Elon Musk, the South Africa-born inventor and entrepreneur best known as the co-founder of PayPal and chief executive of both SpaceX and Tesla Motors, has warned against the dangers of artificial intelligence (AI) , describing it as an “existential threat”.
Speaking at the Massachusetts Institute of Technology (MIT) AeroAstro Centennial Symposium last week, Musk told an interviewer that his recent investments in AI research were made with the intent of “keeping an eye on what’s going on” rather than with the expectation of commercial development.
“I think we should be very careful about artificial intelligence,” he said. “If I had to guess at what our biggest existential threat is, it’s probably that.”
Musk said there should be “regulatory oversight” of AI research at a national or international level, “just to make sure that we don’t do something very foolish”.
He compared the construction of artificial minds to the calling up of unknown forces that could easily go beyond the inventor’s control.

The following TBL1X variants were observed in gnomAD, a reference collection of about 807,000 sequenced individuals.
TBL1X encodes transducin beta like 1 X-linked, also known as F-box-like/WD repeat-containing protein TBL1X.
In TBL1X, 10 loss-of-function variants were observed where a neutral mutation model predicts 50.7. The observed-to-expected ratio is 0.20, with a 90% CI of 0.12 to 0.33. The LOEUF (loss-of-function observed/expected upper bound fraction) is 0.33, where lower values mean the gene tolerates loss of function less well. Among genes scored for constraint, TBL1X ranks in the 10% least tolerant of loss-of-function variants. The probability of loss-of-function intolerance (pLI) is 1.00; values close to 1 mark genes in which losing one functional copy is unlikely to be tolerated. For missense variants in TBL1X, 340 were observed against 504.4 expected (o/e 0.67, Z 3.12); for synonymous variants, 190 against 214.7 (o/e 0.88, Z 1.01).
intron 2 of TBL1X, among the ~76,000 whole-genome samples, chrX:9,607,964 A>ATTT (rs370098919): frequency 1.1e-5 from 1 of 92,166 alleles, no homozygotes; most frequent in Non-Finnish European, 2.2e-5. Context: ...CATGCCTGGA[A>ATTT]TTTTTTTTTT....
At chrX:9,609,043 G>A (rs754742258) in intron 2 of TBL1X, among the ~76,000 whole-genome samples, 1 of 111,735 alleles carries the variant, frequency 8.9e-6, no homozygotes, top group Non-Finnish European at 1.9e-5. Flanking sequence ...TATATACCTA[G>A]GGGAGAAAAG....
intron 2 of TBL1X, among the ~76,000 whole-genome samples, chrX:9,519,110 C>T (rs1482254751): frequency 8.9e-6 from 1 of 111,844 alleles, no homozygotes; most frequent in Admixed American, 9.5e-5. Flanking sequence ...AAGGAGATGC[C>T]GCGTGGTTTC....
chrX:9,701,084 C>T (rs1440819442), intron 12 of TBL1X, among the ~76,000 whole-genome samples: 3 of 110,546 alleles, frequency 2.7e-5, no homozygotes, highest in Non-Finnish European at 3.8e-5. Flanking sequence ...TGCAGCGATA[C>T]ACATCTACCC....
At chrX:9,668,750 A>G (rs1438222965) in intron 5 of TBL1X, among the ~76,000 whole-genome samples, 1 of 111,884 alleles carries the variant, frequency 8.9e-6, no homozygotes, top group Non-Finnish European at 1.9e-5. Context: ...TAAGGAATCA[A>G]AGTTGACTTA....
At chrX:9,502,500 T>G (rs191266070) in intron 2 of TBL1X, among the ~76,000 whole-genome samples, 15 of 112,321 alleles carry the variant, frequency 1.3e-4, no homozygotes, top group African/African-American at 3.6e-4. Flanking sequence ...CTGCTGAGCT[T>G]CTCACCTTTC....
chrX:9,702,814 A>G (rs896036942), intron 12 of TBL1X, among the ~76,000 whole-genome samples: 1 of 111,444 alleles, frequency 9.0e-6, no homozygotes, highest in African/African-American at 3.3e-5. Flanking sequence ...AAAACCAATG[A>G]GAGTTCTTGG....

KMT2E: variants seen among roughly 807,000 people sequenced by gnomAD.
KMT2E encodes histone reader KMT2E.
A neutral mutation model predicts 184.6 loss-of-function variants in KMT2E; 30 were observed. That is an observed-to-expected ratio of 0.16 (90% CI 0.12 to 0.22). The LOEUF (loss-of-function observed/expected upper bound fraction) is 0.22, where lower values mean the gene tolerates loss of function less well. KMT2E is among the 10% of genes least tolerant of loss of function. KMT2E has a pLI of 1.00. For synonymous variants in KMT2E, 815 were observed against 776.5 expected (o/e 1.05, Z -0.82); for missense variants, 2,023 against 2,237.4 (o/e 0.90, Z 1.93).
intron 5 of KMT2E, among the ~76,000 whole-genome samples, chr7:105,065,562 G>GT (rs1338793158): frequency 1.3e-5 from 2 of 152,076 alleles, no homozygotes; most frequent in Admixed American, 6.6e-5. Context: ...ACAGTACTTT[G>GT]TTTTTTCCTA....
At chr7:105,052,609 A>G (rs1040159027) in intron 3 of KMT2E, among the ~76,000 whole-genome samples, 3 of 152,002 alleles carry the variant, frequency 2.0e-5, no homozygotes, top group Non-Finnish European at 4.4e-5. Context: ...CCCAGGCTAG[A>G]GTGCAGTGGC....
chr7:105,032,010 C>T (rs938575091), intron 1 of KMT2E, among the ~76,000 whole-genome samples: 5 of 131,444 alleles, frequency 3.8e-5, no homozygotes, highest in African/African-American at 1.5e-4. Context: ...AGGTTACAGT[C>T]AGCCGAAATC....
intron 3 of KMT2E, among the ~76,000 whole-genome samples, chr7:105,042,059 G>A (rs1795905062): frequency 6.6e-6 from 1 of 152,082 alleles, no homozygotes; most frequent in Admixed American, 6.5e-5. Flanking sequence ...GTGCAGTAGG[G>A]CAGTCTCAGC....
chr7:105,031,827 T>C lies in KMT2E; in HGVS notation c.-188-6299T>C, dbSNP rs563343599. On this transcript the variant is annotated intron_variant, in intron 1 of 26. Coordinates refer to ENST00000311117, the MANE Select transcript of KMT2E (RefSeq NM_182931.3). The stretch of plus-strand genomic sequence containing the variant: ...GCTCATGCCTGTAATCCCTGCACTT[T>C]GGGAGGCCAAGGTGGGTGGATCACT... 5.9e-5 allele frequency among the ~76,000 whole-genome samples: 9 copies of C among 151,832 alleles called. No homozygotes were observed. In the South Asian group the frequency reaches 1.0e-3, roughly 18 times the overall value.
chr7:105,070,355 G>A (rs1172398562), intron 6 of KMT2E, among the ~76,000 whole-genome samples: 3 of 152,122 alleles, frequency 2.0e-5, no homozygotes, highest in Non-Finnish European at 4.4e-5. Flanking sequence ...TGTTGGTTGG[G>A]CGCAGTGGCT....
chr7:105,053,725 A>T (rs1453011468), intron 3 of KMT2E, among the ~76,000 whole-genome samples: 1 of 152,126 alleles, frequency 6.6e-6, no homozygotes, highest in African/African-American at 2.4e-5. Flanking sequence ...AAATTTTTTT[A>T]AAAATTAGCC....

“With artificial intelligence we’re summoning the demon,” he said. “You know those stories where there’s the guy with the pentagram, and the holy water, and … he’s sure he can control the demon? Doesn’t work out.”
Musk’s SpaceX is developing plans for the colonisation of Mars, and during the interview he alluded to the Hal 9000 AI that wreaks havoc aboard a spacecraft in the film 2001: A Space Odyssey.
“Hal 9000 would be easy. It’s way more complex than that. This would put Hal 9000 to shame,” Musk said.
He has previously warned against AI’s dangers, in August tweeting that it is “potentially more dangerous than nukes”. The tweet was in reference to a book by Swedish-born University of Oxford philosopher Nick Bostrom titled Superintelligence: Paths, Dangers, Strategies.
Musk in March invested in AI research group Vicarious, which aims to develop a human-like mind based on neural networks. The project has also attracted investment from Facebook’s Mark Zuckerberg and actor Ashton Kutcher.
At the same event, Musk also spoke about how he sees the colonisation of Mars playing a critical role in humanity’s future.
“What matters is being able to establish a self-sustaining civilisation on Mars, and I don’t see anything being done but SpaceX. I don’t see anyone else even trying,” he said.
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